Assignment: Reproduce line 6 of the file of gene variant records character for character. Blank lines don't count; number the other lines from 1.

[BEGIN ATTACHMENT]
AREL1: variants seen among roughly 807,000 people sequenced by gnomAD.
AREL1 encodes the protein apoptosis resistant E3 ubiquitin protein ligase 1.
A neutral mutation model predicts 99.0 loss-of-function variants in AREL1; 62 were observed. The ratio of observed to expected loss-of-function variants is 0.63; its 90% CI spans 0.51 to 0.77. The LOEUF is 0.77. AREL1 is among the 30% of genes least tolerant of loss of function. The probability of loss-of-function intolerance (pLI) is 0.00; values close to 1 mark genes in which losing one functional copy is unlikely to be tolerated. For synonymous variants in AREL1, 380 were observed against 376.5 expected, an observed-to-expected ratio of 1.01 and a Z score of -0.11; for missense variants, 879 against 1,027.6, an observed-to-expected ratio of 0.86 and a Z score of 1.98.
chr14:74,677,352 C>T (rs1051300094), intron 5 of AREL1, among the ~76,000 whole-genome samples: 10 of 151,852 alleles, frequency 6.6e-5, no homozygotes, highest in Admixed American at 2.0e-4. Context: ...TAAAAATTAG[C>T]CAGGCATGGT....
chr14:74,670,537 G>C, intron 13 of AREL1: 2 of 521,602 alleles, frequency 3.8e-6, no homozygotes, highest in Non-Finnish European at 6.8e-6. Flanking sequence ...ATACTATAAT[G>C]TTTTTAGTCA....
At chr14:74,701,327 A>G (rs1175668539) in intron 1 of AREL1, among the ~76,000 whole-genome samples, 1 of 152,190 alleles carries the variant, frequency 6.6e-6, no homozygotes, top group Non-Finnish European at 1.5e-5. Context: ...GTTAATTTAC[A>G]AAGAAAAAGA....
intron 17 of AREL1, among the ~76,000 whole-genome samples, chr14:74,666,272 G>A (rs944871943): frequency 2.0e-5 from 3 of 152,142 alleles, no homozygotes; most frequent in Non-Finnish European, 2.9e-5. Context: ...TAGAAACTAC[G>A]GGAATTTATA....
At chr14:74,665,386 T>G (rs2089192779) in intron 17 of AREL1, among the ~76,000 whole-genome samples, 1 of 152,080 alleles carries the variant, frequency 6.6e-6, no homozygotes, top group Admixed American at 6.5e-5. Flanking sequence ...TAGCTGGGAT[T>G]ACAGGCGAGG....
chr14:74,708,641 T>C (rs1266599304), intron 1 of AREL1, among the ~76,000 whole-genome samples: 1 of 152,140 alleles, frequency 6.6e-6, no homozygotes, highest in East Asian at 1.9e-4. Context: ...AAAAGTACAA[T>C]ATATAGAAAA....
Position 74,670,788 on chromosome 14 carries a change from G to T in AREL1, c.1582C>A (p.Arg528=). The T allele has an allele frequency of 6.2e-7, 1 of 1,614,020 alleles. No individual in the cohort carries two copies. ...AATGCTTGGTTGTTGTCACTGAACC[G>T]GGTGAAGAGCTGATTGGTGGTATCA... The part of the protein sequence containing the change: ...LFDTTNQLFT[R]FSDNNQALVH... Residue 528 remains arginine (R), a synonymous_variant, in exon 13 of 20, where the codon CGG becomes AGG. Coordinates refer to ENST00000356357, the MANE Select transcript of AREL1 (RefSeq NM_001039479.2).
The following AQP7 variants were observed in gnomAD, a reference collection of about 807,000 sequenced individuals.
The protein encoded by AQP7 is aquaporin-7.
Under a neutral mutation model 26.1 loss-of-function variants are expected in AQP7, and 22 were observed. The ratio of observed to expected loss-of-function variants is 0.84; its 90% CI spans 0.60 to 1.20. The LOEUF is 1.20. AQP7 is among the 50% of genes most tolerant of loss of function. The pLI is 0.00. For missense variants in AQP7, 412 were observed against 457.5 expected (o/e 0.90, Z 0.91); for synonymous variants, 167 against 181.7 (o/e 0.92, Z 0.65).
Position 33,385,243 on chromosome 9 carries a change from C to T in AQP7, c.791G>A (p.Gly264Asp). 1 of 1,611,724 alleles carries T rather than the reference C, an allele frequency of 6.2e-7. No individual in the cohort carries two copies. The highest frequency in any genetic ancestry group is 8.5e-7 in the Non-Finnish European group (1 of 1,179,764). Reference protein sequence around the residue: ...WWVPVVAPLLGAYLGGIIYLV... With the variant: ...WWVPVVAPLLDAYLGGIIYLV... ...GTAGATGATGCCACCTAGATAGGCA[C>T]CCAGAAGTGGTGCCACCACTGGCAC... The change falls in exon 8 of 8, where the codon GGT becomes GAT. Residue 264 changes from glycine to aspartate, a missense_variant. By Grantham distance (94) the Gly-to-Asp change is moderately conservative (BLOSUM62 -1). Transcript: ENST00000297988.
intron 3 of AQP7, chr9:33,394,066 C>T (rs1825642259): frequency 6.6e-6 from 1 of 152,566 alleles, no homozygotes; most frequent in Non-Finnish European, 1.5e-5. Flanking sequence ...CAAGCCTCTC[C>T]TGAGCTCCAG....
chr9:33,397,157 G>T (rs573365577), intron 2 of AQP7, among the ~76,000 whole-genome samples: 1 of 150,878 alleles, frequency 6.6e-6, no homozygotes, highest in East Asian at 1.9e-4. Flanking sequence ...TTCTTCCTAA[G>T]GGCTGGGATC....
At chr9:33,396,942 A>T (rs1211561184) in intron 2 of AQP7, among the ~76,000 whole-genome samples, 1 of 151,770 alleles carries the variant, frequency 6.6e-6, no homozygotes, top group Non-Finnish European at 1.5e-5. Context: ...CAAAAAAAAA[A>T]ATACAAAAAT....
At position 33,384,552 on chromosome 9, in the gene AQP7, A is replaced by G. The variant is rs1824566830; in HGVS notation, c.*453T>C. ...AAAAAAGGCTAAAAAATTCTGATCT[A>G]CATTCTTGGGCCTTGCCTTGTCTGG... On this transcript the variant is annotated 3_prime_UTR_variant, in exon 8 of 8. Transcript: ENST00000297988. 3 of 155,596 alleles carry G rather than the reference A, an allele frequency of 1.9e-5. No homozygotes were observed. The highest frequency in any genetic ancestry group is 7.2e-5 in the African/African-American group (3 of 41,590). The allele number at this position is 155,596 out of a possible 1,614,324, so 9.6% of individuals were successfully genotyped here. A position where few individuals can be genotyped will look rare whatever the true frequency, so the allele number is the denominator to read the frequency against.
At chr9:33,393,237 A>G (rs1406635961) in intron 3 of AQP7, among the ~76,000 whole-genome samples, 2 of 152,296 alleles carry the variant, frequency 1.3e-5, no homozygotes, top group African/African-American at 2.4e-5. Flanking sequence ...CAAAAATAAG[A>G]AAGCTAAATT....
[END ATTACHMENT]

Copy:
At chr14:74,701,327 A>G (rs1175668539) in intron 1 of AREL1, among the ~76,000 whole-genome samples, 1 of 152,190 alleles carries the variant, frequency 6.6e-6, no homozygotes, top group Non-Finnish European at 1.5e-5. Context: ...GTTAATTTAC[A>G]AAGAAAAAGA....